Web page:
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Return of the Mook: Marcus Morris gets gritty in tough win vs. Kings

After a tough post-All Star Game stretch, Mook returned to form against Sacramento.

NBA: Sacramento Kings at Boston Celtics Greg M. Cooper-USA TODAY Sports

Midway through the second quarter as the Celtics were mounting their first comeback against the visiting Kings, Corey Brewer rushed the ball down in transition and Marcus Smart fouled him before he could get an easy look at the rim. It wasn’t anything egregious, but a small scuffle broke out with Marcus Morris holding court against a trio of Kings. D’Aaron Fox, Marvin Bagley III, and Buddy Hield, and later Harry Giles.

It wasn’t a heated display like when Mook got right in the face of Tristan Thompson in last year’s Eastern Conference Finals. Morris remained calm and unfazed, but stout and stern. He wasn’t going to get pushed around or intimidated by a bunch of young pups. That’s been Morris’ vibe all season: confidence, consistency, and character.

Before the All Star break, Brad Stevens called Morris the most reliable Celtic to date. There were rumblings that he could even represent the team in Charlotte, either in the Three Point Contest or as a first time All-Star. Through the first 53 games, he was shooting a career high 47.6% from the field and 40.9% from behind the arc. His fifteen points and six rebounds a night were one of the reasons why the Celtics kept their heads above water when the team was struggling early.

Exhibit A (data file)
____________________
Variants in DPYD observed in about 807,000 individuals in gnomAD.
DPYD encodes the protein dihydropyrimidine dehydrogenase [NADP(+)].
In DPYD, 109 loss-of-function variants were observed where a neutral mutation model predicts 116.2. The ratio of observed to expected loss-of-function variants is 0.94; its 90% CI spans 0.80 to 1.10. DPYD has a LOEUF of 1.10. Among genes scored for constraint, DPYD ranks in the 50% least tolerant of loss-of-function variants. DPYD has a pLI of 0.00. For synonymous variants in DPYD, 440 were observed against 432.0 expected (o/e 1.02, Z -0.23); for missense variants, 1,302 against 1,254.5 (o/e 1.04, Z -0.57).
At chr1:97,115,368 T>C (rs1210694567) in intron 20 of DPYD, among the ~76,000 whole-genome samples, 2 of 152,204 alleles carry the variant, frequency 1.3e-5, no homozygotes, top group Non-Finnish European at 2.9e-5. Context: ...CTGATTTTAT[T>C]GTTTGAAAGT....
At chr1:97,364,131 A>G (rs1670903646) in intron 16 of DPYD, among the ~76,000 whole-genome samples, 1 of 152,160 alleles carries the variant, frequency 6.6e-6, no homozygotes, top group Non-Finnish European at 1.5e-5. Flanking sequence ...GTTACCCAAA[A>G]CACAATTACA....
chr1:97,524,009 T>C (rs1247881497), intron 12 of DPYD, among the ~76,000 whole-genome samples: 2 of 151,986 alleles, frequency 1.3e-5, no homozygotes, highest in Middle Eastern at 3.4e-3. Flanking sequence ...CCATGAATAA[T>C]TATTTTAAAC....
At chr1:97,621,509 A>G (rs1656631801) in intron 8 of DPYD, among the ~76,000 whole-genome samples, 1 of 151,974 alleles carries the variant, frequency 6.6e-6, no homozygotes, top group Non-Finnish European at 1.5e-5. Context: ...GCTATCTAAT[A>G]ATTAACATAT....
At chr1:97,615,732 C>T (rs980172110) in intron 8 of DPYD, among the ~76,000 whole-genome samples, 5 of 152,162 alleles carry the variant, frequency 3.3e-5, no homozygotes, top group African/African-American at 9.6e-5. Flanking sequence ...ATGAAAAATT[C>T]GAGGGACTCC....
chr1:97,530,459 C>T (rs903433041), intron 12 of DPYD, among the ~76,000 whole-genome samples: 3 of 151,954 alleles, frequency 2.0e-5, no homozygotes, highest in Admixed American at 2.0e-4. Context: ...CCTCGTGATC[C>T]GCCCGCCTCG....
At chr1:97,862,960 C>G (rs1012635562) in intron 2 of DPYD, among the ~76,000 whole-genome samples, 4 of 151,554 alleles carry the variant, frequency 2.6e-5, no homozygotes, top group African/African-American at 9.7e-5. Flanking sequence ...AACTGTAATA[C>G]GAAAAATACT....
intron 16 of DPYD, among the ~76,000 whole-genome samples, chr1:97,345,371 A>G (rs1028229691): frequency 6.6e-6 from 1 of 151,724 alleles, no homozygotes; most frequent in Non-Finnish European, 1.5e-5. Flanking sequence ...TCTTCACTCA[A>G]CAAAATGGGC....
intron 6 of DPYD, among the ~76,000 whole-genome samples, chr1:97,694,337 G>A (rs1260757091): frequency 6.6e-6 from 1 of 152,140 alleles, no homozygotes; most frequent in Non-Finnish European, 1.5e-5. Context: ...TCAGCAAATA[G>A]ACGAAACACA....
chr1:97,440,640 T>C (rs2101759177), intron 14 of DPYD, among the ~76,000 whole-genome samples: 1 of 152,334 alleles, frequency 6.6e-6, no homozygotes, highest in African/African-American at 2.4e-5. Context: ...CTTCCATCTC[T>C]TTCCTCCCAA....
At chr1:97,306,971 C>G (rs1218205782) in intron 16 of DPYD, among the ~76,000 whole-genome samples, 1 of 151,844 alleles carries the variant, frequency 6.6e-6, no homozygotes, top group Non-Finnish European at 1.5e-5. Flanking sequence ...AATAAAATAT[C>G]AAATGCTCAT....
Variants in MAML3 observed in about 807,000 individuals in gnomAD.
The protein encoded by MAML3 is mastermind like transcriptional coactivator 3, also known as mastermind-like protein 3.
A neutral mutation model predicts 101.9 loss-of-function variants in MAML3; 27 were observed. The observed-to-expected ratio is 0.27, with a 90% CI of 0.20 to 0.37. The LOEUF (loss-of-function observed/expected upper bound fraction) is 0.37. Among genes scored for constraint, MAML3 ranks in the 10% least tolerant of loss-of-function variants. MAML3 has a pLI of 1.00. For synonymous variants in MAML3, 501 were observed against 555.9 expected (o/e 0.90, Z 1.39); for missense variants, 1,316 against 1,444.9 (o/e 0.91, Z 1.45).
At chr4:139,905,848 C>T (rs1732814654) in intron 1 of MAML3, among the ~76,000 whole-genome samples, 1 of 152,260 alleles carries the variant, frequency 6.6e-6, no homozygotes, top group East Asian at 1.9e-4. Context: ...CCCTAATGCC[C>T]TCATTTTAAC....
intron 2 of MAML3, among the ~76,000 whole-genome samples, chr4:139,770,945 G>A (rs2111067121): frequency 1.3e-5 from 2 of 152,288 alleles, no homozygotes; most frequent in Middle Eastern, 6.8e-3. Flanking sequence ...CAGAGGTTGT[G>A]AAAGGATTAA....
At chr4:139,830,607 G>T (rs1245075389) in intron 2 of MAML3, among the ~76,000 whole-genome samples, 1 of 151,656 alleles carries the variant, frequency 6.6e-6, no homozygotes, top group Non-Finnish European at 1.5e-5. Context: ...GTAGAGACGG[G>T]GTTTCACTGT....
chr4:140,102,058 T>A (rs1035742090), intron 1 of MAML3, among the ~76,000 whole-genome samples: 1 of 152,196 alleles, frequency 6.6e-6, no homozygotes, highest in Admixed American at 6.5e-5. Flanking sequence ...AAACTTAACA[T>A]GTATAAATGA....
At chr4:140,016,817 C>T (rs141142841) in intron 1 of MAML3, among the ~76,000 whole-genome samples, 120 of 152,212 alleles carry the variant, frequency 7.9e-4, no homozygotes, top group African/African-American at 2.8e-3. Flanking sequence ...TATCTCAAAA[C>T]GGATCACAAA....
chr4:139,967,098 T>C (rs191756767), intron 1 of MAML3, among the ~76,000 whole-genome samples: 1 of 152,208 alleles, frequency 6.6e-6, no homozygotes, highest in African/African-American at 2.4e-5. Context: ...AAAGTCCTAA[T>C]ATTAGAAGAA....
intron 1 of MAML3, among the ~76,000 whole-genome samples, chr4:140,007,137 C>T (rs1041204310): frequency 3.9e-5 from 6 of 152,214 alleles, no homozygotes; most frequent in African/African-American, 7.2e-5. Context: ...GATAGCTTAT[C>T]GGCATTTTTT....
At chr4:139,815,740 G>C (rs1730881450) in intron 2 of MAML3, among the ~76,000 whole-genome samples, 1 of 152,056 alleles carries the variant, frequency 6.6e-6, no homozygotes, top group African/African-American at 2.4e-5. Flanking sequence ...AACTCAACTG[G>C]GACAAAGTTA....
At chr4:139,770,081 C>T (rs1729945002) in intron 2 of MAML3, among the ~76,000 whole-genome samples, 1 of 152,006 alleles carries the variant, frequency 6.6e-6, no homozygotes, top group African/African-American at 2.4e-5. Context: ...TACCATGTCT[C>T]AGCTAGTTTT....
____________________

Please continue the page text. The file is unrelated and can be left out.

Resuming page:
However, he’s fallen back to earth a bit. Over the last eleven contests, his shooting percentage has drastically dipped under 40% and his three-point shooting is a dismal 26.5 3FG%. The conversation has shifted from “should the Celtics seriously consider re-signing Morris next summer” to “Morris has regressed and should be taken out of the starting lineup.”

Against Sacramento, Morris turned in his best game since February. He scored 21 points on 7-for-15 shooting, including 3 of 7 from behind the arc, and pulled down a season-high 13 rebounds in a healthy 36 minutes of play. When asked about finding his rhythm and getting it going after a tough stretch, Morris said, “just playing hard, man. The scoring part, you know, I actually didn’t score the ball. I just wanted to turn up my defensive intensity and rebound the ball better.”

“That’s what it really was. Shots are going to come, miss or make, but as long as I’m engaged in rebounding and defense, it is what it is.”

Many post season predictions have put the Celtics’ success on the shoulders of Gordon Hayward or Jaylen Brown, two wings that have picked it up since the new year. Both were displaced in favor of the Marcuses early on in the season and some have argued that it’s time to re-insert them into the starting lineup. While Morris’ production on the floor may have fluctuated, his demeanor hasn’t and that may be something to rely on as the team heads into the playoffs. There’s always time for a versatile bully, right?

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